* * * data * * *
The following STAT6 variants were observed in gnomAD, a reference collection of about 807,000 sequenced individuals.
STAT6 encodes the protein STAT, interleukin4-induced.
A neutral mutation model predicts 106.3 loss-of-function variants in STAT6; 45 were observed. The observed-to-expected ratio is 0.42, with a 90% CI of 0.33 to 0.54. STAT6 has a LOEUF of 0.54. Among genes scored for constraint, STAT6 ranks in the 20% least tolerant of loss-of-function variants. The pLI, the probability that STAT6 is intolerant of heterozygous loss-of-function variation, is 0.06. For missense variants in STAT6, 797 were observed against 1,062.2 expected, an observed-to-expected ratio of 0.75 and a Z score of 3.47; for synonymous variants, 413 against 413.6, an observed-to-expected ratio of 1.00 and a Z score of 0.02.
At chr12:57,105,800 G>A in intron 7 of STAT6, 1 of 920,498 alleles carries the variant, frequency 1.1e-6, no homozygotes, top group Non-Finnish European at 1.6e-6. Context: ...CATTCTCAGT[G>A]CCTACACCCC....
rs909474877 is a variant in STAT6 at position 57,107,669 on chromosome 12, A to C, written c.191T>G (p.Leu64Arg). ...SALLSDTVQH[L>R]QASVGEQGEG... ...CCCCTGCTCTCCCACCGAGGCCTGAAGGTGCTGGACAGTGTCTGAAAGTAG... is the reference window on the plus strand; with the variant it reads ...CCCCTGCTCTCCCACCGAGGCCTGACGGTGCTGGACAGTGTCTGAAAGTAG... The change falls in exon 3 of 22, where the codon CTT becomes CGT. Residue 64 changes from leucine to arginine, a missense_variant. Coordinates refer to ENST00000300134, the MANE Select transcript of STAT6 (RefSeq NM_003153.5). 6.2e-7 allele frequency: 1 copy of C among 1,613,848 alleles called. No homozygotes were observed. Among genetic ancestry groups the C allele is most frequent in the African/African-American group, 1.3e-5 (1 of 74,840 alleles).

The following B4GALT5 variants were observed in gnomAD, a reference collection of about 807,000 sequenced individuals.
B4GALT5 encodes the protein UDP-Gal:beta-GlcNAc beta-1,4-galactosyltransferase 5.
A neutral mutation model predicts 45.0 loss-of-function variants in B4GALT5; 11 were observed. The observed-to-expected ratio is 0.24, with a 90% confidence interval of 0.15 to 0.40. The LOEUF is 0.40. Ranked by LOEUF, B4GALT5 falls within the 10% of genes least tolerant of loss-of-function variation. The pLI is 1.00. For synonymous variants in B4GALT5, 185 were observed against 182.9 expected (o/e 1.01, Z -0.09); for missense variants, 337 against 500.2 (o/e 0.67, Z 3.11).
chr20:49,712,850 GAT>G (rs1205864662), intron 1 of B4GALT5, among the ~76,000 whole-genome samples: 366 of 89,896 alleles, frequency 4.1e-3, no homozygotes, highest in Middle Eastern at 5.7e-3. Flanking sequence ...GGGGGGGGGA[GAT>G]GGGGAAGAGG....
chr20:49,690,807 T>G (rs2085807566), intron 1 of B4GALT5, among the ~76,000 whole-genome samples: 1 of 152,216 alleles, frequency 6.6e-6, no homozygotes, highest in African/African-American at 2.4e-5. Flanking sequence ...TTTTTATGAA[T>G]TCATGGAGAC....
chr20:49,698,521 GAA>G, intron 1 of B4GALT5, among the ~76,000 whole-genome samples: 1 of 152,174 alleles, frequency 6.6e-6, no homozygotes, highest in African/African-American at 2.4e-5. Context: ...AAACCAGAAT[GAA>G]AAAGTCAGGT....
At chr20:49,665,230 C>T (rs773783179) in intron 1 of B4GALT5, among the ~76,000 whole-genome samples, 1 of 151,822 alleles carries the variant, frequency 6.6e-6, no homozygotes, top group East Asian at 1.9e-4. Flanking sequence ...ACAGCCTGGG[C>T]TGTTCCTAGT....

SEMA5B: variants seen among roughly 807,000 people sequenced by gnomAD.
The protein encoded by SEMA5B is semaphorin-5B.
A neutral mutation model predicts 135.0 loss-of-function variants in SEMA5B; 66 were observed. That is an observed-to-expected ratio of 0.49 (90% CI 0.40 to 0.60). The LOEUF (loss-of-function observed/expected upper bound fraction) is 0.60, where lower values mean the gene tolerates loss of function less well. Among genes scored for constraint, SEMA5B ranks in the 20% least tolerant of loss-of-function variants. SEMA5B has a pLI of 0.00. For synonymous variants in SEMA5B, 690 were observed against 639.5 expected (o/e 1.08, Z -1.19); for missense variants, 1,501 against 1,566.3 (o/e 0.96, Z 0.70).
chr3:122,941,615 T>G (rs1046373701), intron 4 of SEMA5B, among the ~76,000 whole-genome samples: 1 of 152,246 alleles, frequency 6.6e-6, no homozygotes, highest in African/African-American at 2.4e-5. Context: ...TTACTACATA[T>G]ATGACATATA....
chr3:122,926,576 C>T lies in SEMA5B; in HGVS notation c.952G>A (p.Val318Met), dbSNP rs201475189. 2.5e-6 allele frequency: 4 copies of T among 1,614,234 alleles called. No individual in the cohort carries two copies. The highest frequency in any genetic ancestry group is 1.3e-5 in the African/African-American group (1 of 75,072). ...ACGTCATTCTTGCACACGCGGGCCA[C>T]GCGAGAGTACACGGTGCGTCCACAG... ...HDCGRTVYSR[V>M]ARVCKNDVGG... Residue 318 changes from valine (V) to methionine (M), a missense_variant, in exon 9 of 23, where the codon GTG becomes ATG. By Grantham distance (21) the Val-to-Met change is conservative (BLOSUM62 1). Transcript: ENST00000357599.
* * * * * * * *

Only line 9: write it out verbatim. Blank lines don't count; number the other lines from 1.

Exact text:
chr20:49,712,850 GAT>G (rs1205864662), intron 1 of B4GALT5, among the ~76,000 whole-genome samples: 366 of 89,896 alleles, frequency 4.1e-3, no homozygotes, highest in Middle Eastern at 5.7e-3. Flanking sequence ...GGGGGGGGGA[GAT>G]GGGGAAGAGG....